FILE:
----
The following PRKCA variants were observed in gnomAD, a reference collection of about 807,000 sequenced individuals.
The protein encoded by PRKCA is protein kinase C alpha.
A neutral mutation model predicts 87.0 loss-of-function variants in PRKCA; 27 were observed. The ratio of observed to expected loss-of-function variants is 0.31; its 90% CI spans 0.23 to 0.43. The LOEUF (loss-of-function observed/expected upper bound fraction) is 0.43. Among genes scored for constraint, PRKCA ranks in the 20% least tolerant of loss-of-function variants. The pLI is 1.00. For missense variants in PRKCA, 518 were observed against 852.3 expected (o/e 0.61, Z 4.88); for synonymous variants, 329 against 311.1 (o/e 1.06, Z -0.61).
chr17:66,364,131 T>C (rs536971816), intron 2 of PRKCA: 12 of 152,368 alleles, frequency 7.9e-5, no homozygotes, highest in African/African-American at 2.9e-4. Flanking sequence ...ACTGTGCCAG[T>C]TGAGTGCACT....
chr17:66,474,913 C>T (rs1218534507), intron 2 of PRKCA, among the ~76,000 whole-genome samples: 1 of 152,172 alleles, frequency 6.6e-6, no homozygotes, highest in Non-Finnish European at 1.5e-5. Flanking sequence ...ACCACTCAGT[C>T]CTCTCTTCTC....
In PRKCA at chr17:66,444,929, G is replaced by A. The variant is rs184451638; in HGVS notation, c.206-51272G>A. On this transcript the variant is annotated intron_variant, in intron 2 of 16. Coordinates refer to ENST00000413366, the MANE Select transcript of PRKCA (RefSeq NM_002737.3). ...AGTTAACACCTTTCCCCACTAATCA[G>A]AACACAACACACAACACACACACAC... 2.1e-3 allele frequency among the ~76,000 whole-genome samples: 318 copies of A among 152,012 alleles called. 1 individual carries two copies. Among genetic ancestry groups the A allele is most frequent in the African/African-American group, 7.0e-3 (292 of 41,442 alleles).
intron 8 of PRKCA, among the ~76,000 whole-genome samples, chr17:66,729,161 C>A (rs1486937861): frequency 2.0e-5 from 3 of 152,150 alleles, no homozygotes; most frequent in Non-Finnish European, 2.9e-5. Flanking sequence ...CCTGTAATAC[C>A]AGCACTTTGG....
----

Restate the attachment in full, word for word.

The following PRKCA variants were observed in gnomAD, a reference collection of about 807,000 sequenced individuals.
The protein encoded by PRKCA is protein kinase C alpha.
A neutral mutation model predicts 87.0 loss-of-function variants in PRKCA; 27 were observed. The ratio of observed to expected loss-of-function variants is 0.31; its 90% CI spans 0.23 to 0.43. The LOEUF (loss-of-function observed/expected upper bound fraction) is 0.43. Among genes scored for constraint, PRKCA ranks in the 20% least tolerant of loss-of-function variants. The pLI is 1.00. For missense variants in PRKCA, 518 were observed against 852.3 expected (o/e 0.61, Z 4.88); for synonymous variants, 329 against 311.1 (o/e 1.06, Z -0.61).
chr17:66,364,131 T>C (rs536971816), intron 2 of PRKCA: 12 of 152,368 alleles, frequency 7.9e-5, no homozygotes, highest in African/African-American at 2.9e-4. Flanking sequence ...ACTGTGCCAG[T>C]TGAGTGCACT....
chr17:66,474,913 C>T (rs1218534507), intron 2 of PRKCA, among the ~76,000 whole-genome samples: 1 of 152,172 alleles, frequency 6.6e-6, no homozygotes, highest in Non-Finnish European at 1.5e-5. Flanking sequence ...ACCACTCAGT[C>T]CTCTCTTCTC....
In PRKCA at chr17:66,444,929, G is replaced by A. The variant is rs184451638; in HGVS notation, c.206-51272G>A. On this transcript the variant is annotated intron_variant, in intron 2 of 16. Coordinates refer to ENST00000413366, the MANE Select transcript of PRKCA (RefSeq NM_002737.3). ...AGTTAACACCTTTCCCCACTAATCA[G>A]AACACAACACACAACACACACACAC... 2.1e-3 allele frequency among the ~76,000 whole-genome samples: 318 copies of A among 152,012 alleles called. 1 individual carries two copies. Among genetic ancestry groups the A allele is most frequent in the African/African-American group, 7.0e-3 (292 of 41,442 alleles).
intron 8 of PRKCA, among the ~76,000 whole-genome samples, chr17:66,729,161 C>A (rs1486937861): frequency 2.0e-5 from 3 of 152,150 alleles, no homozygotes; most frequent in Non-Finnish European, 2.9e-5. Flanking sequence ...CCTGTAATAC[C>A]AGCACTTTGG....